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Should Investors Look at Multi-Asset Class Funds (MACF)?

Investment | Published on Nov 07th 2016 | Comment(s) 0
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One of the major advantages of investing in mutual funds is the benefit of diversification. It is actually quite a simple concept. If you are invested in just one stock, then your entire investment depends on the fortune of that one stock. On the other hand, if you spread your money across more stocks then your overall risk gets reduced because even as one stock may underperform, another stock could outperform. Thus your dependency on just one stock is eliminated through diversification. This also reduces your concentration risk.

We can actually take diversification to the second level, wherein we can diversify by investing in equity and debt. Equity entails higher risk and therefore higher returns. However, debt gives your portfolio an element of safety and fixed returns. This can be achieved by investing in balanced funds that invest across equities and debt and you can get the benefit of equity and debt through a single mutual fund. But then equity and debt are both financial assets at the end of the day. What if you want to also take an exposure to real assets like gold, silver and commodities? That brings us to the third level of diversification which can be done through multi-asset class funds (MACF)

So, what are multi-asset class funds all about?

Multi asset class funds (MACF) are mutual funds that invest across equities, debt and physical assets like gold. Between January 2016 and June 2016, gold prices in the international market moved up from $1050/oz to $1360/oz returning nearly 30% in 6 months. Even in rupee terms, the price of gold during the period moved from Rs.24,900/10 gm to Rs.32,300/10 gm yielding a similar 6-month return of 30%. That makes gold among the best performing asset classes in the first half of 2016. Of course, Indian investors can buy gold through gold ETFs and through gold bonds but it is difficult for an individual investor to take a decision on when to buy gold and when not to buy gold. That is where multi-asset class funds (MACF) come in handy. But the real advantage of MACF is not just in the commodity diversification. The real merit lies in the fact that fund managers can take an intelligent and informed view on when to focus more on equity, when to shift focus on debt and when to diversify into gold.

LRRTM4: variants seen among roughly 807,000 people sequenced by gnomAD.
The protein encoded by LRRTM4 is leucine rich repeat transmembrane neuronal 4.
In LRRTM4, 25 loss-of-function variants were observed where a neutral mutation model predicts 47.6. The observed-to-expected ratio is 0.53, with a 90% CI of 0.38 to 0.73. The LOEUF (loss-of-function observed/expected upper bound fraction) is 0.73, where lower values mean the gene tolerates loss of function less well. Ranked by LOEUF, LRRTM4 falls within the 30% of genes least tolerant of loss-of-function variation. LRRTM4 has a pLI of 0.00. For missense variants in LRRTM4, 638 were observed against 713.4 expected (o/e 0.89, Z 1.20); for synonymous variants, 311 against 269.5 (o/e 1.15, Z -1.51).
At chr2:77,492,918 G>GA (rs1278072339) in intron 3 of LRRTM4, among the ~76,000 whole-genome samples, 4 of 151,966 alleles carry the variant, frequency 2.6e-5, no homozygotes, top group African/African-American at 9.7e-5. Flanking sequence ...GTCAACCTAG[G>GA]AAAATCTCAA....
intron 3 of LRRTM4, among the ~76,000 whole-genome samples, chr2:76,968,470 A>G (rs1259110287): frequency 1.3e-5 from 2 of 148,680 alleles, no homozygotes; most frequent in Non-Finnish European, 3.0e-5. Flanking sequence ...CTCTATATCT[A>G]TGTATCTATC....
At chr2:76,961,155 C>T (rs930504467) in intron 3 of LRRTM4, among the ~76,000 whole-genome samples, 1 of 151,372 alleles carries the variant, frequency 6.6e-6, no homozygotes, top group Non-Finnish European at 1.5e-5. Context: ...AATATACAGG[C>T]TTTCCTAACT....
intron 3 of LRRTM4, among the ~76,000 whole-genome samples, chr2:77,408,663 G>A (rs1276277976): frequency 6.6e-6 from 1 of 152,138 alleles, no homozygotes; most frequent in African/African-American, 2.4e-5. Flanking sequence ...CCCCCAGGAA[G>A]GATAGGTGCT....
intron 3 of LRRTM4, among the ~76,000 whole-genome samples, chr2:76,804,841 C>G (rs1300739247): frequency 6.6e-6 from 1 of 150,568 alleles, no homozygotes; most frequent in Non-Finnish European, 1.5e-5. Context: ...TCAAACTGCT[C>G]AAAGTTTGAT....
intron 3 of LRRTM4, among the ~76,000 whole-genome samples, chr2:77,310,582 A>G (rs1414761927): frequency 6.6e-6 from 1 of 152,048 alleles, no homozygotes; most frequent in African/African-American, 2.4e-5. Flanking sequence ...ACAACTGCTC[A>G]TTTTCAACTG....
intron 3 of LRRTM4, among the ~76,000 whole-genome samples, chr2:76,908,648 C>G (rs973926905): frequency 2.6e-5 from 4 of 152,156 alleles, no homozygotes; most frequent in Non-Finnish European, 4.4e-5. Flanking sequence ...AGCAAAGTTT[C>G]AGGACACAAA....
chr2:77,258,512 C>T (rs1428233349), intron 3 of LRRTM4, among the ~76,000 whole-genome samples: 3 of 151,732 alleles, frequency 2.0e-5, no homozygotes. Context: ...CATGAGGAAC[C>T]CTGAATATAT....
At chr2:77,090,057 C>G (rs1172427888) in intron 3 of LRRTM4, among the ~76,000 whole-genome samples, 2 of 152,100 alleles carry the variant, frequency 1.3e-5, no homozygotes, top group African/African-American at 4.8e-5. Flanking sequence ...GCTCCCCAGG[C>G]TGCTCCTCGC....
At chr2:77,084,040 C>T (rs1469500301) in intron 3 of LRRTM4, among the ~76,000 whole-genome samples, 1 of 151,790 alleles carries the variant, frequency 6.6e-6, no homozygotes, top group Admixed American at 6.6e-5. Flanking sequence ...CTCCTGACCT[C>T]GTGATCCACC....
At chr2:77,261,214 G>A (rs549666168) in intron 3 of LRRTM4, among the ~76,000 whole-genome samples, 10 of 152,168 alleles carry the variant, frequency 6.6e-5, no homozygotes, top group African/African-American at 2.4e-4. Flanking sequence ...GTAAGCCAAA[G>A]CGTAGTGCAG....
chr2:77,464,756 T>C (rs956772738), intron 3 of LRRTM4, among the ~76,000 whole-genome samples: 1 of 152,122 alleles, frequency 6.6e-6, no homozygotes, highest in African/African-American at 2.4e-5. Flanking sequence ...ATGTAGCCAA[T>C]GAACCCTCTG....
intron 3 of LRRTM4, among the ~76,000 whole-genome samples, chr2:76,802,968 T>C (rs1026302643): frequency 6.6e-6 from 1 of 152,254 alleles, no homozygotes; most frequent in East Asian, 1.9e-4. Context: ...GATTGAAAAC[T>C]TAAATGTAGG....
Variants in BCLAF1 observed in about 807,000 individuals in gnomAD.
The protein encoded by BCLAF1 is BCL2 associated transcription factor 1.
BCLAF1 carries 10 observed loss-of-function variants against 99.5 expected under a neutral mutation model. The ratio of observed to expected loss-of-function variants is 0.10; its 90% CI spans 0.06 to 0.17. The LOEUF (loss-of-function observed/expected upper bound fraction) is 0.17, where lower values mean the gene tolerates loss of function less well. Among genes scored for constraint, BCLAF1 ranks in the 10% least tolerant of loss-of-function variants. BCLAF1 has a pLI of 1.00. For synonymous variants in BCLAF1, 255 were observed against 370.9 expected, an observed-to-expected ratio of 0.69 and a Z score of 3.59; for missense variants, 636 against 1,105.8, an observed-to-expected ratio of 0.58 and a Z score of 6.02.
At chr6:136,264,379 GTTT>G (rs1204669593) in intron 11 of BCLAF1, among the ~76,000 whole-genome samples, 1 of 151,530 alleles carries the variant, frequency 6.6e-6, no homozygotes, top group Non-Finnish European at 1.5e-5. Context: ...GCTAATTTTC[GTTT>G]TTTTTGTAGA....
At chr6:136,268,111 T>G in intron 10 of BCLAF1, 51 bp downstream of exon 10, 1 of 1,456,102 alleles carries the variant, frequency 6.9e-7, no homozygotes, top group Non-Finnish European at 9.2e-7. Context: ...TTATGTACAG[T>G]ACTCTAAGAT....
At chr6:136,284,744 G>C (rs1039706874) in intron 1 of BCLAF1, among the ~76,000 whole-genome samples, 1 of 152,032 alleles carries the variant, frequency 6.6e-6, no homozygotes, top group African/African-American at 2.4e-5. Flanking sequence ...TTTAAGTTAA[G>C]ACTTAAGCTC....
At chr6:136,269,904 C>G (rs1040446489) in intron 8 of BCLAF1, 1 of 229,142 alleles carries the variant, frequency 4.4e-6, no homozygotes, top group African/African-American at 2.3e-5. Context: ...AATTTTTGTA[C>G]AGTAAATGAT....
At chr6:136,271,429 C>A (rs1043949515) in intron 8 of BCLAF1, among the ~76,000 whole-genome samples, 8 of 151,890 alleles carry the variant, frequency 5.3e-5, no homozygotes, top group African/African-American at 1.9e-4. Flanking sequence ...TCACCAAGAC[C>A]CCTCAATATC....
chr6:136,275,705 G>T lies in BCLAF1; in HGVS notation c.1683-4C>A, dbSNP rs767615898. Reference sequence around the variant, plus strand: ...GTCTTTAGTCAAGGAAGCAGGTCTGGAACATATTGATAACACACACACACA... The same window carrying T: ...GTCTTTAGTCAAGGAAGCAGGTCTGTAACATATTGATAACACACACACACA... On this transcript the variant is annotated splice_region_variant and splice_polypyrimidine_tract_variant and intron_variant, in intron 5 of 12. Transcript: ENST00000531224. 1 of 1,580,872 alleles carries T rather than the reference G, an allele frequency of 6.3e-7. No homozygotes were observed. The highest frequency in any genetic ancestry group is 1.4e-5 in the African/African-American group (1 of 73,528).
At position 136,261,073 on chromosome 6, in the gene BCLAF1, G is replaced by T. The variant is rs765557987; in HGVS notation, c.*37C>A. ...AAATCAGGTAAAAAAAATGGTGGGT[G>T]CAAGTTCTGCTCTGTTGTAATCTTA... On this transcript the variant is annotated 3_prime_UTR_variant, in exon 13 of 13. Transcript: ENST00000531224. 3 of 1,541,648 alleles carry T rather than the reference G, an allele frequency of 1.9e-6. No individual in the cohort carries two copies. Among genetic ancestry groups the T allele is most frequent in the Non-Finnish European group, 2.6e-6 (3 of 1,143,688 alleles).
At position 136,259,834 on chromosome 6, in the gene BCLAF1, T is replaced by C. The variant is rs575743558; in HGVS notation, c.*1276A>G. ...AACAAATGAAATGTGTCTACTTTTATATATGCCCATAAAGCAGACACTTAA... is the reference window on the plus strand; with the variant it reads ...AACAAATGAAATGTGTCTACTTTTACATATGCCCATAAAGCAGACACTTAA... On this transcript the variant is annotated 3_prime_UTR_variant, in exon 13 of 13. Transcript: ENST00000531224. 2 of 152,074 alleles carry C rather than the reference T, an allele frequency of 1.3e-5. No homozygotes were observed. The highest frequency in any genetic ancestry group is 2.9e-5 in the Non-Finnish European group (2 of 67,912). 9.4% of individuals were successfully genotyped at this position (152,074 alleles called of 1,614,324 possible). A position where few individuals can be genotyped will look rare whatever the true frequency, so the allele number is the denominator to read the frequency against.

Understanding the power of asset allocation through MACF…

Asset allocation is all about shifting your asset mix based on an informed view on the market. Let us take a few examples. If the Nifty has corrected sharply and frontline stocks are available at 12-13 P/E, then it makes a lot of allocation sense to focus more on equities in the portfolio. Similarly, if the view is that interest rates are headed downwards, then the fund manager can increase exposure to long term government securities which will benefit substantially from a fall in interest rates. Additionally, if the fund manager expects that the global geopolitical uncertainty and too much of money printing will make gold more valuable, then they can take a large exposure to gold. These are decisions that individual investors will find hard to make. But mutual fund managers, with their research capabilities and their market intelligence will be in a better position to take asset allocation decisions. That is where an MACF can really come in handy.

There is another major advantage in an MACF. Most investors find themselves stuck in equities at higher levels and therefore when the market falls, they do not have the liquidity to invest at attractive valuations. This problem can be automatically addressed through MACF based asset allocation.

So, why have Multi-Asset Class Funds not taken off in India?

To be fair, MACF is a relatively new asset class in India and hence we will have to give it more time to take off in a bigger way. However, there are a few key challenges that MACFs face in the Indian context:

  • First is the problem of choice of assets available. Fund managers can get substantial exposure to equity and debt. On the commodities front, it is only possible to get exposure to gold. In other markets, MACFs have access to investing in silver, industrial commodities, crude oil, real estate etc. A bigger real asset basket will make MACF more meaningful for investors.
  • Most fund managers in India understand equity and debt with a lot of depth. However, not many are really comfortable with the nuances of hard commodities. That could be an impediment to asset allocation.
  • There is an ambiguity in classification. Currently, these MACFs are classified as debt funds and not as equity funds. This takes away the advantage that equity funds enjoy in terms of concessional capital gains tax treatment as MACF gains will be treated as long term capital gains only if held beyond 3 years.
  • Currently, an equity fund will be tax free if it is held beyond 1 year (long term) and taxed at a concessional rate of 15% if held below 1 year (short term). In case of MACFs, the long term definition is increased to 3 years and also the tax rates on long term and short term capital gains are higher.

It must be said that absence of choice and unfavourable tax treatment has limited the rapid growth of MACF. But it is surely a product that can add value to individual investors from a risk management perspective.




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